• thanks, kym. it’s a good reminder to try not to fault people for their ignorance (it is bliss, after all).

      but yes, denying it doesn’t work either. while I can try to strike that balance, I think it’s still hard to encounter those who can’t appreciate my reality to begin with. not because I’d ever wish it on anyone, but because they lack empathy or compassion or something that inhibits them from looking beyond their own experience or awareness.

  6. Ah, NBHHY is just the wisdom I needed to hear right now. It will become my mantra. Very wise. Will be thinking of you all week as you wait for the next bit of information about this little one.

  7. As a chronic worrier/anxiety suffer I enjoy these two quotes (which I’m paraphrasing here). The first is from Mark Twain: My life is full of terrible tragedies, most of which never happened. I’m not sure who the second is by and I’ve come across many incarnations of it. It’s basically, Worry doesn’t take strength from the sorrows of tomorrow, but only steals joy from the happiness of today. Again, I’m paraphrasing here but you get the gist. Both helped me a lot in the pregnancy after my loss. Maybe they can help you too.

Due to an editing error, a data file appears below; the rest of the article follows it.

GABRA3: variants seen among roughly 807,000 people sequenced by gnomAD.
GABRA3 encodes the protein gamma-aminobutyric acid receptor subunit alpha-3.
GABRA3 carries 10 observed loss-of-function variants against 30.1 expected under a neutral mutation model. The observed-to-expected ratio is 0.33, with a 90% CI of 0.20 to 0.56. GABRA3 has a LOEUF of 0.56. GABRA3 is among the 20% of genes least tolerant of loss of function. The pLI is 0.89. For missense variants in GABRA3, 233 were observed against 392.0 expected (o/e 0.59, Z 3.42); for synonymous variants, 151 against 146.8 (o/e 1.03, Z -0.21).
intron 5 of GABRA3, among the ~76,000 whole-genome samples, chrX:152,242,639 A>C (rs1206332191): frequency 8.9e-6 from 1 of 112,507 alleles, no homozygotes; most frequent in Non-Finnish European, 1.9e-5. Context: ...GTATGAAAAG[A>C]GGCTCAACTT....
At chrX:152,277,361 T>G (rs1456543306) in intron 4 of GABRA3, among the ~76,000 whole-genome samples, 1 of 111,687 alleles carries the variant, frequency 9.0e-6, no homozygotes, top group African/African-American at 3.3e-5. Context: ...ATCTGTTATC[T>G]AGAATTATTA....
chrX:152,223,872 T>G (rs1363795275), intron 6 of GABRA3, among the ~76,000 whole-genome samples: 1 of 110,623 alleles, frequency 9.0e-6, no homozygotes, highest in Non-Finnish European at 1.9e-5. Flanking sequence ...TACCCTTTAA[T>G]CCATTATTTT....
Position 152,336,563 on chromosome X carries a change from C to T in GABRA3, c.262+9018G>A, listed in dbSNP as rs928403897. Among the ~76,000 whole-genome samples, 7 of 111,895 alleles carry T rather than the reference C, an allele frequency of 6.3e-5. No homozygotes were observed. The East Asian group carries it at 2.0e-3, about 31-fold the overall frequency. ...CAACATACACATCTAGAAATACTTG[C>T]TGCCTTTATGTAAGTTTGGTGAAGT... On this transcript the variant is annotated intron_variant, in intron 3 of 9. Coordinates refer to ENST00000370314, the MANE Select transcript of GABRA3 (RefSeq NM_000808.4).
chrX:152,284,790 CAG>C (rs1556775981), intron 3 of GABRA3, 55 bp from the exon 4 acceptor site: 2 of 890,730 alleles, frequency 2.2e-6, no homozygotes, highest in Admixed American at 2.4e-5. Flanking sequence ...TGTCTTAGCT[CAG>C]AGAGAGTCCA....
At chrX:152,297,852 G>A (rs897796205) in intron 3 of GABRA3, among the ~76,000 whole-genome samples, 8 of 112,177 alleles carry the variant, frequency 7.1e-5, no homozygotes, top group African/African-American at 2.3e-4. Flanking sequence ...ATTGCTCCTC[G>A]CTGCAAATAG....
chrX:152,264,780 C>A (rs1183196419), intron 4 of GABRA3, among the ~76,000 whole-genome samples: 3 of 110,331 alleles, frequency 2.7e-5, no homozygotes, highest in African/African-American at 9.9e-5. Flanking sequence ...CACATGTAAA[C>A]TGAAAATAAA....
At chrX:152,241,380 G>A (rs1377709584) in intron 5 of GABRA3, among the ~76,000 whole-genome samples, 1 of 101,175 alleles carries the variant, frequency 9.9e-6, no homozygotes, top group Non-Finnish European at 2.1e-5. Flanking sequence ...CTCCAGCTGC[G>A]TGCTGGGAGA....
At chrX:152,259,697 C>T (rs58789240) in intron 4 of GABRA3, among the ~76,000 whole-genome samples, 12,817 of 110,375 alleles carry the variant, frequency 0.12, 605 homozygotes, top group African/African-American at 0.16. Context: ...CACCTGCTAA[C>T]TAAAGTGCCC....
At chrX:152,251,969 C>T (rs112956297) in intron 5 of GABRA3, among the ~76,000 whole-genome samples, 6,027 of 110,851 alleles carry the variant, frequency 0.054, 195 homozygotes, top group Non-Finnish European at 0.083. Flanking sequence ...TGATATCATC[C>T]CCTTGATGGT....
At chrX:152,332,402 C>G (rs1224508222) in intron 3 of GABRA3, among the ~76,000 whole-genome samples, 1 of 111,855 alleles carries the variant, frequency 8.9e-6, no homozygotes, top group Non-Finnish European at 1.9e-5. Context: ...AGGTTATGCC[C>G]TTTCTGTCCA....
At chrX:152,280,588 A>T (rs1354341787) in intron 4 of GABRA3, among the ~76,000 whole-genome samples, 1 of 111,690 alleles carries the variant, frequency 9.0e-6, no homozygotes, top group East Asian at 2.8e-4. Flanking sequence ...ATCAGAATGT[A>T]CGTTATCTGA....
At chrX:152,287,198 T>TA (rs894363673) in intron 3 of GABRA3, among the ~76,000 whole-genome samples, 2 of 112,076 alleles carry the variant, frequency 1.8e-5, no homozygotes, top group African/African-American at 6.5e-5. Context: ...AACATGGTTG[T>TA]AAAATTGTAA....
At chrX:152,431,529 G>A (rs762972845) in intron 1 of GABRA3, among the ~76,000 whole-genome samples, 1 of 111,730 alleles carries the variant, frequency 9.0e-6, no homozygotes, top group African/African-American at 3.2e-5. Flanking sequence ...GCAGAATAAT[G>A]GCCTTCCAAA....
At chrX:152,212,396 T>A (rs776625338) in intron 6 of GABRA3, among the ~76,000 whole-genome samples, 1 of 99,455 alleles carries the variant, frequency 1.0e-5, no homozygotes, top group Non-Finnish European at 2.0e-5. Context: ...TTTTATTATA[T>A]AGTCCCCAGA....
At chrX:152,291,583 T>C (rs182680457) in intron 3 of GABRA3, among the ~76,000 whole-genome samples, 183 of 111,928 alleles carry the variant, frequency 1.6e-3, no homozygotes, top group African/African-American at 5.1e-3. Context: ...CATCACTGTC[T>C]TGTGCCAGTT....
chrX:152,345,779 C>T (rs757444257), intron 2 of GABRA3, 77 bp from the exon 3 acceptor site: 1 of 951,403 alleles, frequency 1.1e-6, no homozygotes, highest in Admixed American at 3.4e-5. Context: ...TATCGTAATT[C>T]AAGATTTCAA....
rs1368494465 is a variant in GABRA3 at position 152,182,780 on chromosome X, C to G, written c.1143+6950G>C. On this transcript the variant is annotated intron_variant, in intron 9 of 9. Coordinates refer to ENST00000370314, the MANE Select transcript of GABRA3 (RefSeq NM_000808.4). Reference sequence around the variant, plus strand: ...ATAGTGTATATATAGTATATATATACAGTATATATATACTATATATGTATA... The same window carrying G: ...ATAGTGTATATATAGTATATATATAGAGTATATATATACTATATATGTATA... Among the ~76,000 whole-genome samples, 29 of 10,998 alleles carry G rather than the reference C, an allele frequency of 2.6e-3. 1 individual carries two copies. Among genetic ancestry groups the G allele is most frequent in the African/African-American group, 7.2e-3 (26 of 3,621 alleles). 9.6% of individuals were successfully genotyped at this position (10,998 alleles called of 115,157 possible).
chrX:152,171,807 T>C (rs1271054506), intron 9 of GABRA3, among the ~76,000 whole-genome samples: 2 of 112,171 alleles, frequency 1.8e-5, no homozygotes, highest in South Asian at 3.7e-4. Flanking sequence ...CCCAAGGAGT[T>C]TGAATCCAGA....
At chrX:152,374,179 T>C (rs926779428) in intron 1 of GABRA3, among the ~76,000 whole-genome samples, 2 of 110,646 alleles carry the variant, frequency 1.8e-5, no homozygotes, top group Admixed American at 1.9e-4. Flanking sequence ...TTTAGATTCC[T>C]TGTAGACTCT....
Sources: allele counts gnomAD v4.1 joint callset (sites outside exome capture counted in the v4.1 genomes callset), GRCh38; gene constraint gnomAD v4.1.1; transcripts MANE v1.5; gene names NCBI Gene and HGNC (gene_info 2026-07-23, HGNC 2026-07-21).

PS You have every right to be terrified, even if it isn’t terribly productive to do so.

  8. I know that people act the way you described, I guess I hoped the people closest to you would have seen what all you have gone thru with infertility and losing your son and get just a tiny bit more of understanding. Or maybe they are just scared as well and just want to be in denial of things that can go wrong. Sometimes tht seems easier for people, although I know pisses us off.